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But it is said, when a man comes to high office, that makes him worthy of honor and respect. Surely such offices do not have the power of planting virtue in the minds of those that hold them, do they? Or removing vices? No: it is rather the opposite which is true. High office will more readily bring wickedness to light than banish it from the heart of one who holds power; and thus we are angry when we see, as we do so often, that high office has devolved upon the most wicked and unworthy of men… But virtue has her own reward, which she confers unstintingly upon he who possesses her.
–Anicius Manlius Severinus Boethius, De consolatio philosophiae lib. iii, cap. iv (525 CE)(S.H. transl.)
More from Scott Horton:
Mark Denbeaux on the NCIS cover-up of three “suicides” at Guantánamo Bay Detention Camp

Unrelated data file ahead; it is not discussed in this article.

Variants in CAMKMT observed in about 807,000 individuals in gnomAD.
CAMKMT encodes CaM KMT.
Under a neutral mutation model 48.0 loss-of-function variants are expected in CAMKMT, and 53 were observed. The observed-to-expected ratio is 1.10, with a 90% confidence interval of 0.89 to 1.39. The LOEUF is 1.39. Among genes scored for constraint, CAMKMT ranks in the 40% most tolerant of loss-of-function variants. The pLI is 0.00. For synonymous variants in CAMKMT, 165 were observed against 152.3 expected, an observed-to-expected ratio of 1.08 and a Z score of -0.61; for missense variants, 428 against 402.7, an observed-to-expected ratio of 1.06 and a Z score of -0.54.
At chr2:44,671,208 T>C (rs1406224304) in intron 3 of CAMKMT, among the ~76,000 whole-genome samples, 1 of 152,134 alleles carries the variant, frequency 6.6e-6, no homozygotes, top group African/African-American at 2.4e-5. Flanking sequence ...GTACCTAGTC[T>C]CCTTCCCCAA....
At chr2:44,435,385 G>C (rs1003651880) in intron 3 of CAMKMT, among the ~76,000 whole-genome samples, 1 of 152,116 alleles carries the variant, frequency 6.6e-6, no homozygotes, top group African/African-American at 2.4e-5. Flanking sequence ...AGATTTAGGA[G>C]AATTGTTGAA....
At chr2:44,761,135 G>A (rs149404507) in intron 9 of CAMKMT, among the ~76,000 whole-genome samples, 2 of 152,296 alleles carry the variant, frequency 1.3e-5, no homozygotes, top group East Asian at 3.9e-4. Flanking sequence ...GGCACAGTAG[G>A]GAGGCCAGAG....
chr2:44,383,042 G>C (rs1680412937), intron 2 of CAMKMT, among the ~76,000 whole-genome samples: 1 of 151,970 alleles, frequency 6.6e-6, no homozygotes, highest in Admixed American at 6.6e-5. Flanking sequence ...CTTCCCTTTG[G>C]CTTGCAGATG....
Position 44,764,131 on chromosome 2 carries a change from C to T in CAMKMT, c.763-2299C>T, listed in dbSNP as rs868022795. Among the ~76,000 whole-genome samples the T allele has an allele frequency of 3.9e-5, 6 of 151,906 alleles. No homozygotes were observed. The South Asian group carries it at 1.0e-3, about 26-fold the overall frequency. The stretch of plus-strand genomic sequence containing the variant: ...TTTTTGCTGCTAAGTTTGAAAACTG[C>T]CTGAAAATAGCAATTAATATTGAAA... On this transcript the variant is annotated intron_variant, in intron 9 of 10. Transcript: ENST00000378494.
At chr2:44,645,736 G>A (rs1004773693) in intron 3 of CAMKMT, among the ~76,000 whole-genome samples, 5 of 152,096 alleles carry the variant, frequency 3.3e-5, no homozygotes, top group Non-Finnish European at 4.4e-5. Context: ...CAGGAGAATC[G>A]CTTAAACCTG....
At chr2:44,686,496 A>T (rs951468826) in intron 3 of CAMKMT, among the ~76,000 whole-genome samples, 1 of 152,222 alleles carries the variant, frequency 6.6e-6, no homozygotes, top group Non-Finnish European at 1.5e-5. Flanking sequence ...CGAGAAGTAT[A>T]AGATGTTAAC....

From the June 2014 issue
No Comment — March 28, 2014, 12:32 pm
On CIA secrecy, torture, and war-making powers
Chances that an organ transplanted in New York City last year came from a murder victim:
Two thirds of U.S. teenagers experience uncontrollable rage.
In Gainesville, Florida, a drunk man who jumped out of his pickup truck to yell at the driver in front of him was run over by his own vehicle.
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“I hope that after reading the following pages the leaders of the Y. M. C. A. will start a campaign to induce good young men to do nothing. If so, I shall not have lived in vain.”